AVC: When you were filming, what were some of your goals to help push the story forward from behind the camera?
SZ: My goal was to let Anna and Maya just behave and act in front of the camera and be less controlling over camera moves, and let it be about observing the truth of the scene. There are moments when aesthetics take over, and I was very careful about when to make it about visual storytelling. I hope that this helped make certain moments shine. Anna and Maya’s performance is the strength of the show, that much became clear, so my goal was just to let each of them do their thing.
AVC: Have you discovered something about the craft of directing with this show, especially with season two?
SZ: In the first season, I storyboarded almost every shot with pictures. This season, there was so much to do, my hand would fall off if I tried to do that. I also wanted to try a different approach this time of discovering stuff in the moment. There’s also times when Anna and Maya didn’t see it the way I wanted to do a shot and they wanted to try other things, so I tried to play jazz this season and find more in the moment to improvise shooting the same way they would lines. Personally, it helps me to have an idea and finish on time and be efficient. But I now have this incredible amount of experience, like bootcamp almost, in trying to problem solve and find something interesting to capture in the moment. Most of the times, things come up in filming that you cant plan and shouldn’t plan for. Now I have this meld of knowing how to do intentional visualization before hand and execute it and I have this other style of watching things unfold and find the best during that time.
AVC: As a director, how do you work to bring out the cringe aspect of the show, which is obviously present in the dialogue already?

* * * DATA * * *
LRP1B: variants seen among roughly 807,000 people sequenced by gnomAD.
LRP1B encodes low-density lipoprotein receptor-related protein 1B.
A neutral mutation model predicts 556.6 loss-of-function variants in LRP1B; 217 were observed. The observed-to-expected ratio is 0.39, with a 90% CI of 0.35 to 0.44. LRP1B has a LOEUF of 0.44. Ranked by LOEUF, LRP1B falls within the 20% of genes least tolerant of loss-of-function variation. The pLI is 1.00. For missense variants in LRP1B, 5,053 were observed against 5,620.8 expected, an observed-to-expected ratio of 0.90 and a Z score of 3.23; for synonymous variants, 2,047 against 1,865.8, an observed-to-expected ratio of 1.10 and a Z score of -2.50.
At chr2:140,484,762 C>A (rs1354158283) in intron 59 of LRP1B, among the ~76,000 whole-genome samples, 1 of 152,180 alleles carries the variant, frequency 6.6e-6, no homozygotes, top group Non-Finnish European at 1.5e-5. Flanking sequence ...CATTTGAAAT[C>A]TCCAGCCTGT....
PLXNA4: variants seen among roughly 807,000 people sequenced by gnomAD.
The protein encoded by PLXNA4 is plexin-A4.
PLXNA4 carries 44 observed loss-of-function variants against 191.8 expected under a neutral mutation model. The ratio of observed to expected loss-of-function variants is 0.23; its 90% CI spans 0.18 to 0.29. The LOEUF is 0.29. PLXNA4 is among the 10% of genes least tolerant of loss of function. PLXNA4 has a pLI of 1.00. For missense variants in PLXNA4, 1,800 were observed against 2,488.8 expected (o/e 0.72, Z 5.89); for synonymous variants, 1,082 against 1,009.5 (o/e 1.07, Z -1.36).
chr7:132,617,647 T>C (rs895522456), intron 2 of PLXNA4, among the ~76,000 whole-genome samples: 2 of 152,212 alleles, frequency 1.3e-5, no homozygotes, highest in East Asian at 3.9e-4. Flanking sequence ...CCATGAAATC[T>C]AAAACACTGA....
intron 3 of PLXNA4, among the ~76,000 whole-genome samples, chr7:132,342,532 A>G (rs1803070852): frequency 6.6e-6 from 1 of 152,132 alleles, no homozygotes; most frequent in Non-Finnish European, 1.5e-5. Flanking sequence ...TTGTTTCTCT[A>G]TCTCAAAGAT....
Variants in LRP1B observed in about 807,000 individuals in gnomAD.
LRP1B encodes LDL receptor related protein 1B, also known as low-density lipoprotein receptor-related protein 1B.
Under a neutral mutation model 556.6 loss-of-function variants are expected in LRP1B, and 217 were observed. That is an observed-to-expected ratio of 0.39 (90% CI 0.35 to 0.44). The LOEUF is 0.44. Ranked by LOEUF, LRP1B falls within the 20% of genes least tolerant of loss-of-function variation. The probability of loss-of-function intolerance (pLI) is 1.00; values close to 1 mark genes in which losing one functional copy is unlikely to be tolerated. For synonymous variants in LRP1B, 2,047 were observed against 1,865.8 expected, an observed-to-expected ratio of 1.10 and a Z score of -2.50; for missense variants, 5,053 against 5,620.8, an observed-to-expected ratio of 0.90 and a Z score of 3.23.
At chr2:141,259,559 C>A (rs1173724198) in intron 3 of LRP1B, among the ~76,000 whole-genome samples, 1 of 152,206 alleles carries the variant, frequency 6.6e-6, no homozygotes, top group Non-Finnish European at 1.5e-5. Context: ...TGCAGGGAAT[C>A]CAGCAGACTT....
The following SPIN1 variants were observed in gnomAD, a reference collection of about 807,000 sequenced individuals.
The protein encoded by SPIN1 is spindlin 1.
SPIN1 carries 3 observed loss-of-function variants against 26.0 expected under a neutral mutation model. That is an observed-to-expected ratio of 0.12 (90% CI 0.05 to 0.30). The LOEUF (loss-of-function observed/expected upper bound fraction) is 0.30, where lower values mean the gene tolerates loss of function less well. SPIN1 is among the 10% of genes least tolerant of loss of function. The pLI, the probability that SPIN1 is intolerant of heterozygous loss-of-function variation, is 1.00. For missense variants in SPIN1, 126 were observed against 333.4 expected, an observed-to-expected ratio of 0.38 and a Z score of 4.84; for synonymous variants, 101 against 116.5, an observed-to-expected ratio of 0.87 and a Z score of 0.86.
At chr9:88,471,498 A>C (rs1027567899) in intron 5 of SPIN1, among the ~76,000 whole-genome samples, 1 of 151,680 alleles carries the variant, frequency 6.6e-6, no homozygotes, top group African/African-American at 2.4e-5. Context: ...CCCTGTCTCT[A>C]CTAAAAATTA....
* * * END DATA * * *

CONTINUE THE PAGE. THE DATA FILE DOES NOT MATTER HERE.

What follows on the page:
SZ: It’s funny but Anna, Maya, and myself, we’ve never used the word cringe for the show until others pointed it out. We were always looking for the truth in awkward moments, it’s how we view the world and live our lives. We’re always after that, and the truth can be cringe-y, I guess. It’s uncomfortable because it’s real. I’m always looking for ways of doing things differently storytelling-wise that I haven’t seen before. An example of that would be in episode seven, “Opening Night.” They’re doing the play and what most shows would do when Anna helps Maya remember her line, you’d cut to the audience and everyone behind the scenes just being relieved and the show goes on and goes well. Something that I feel like is my addition or way of seeing it is let’s show the play behind the play, and it became this opera of sorts. It’s strange but it’s coming from a place of expressionism without doing it in a traditional way. It’s what excited me because it stands out.
AVC: Pen15 is critically acclaimed and getting a lot of awards buzz. What was your favorite episode to work on as a director that you’d want to submit for Emmy consideration?
SZ: I’m proud of the work we did. The other stuff feels strange and unreal, even now when I read about it. We didn’t get to have a big premiere where people are laughing, crying, reacting, or applauding, so it’s always fun when Maya and Anna tell me “Oh, so and so reached out,” or “Oh, Charlie Kaufman likes our show.” I just know how hard we worked. I felt like the finale, “Opening Night,” and episode six, “Play,” really represented the potential of the show in terms of all the different tones, the strangeness, the drama, the emotions, the dance. I’m proud we put all of that in and really took a big swing stylistically and artistically.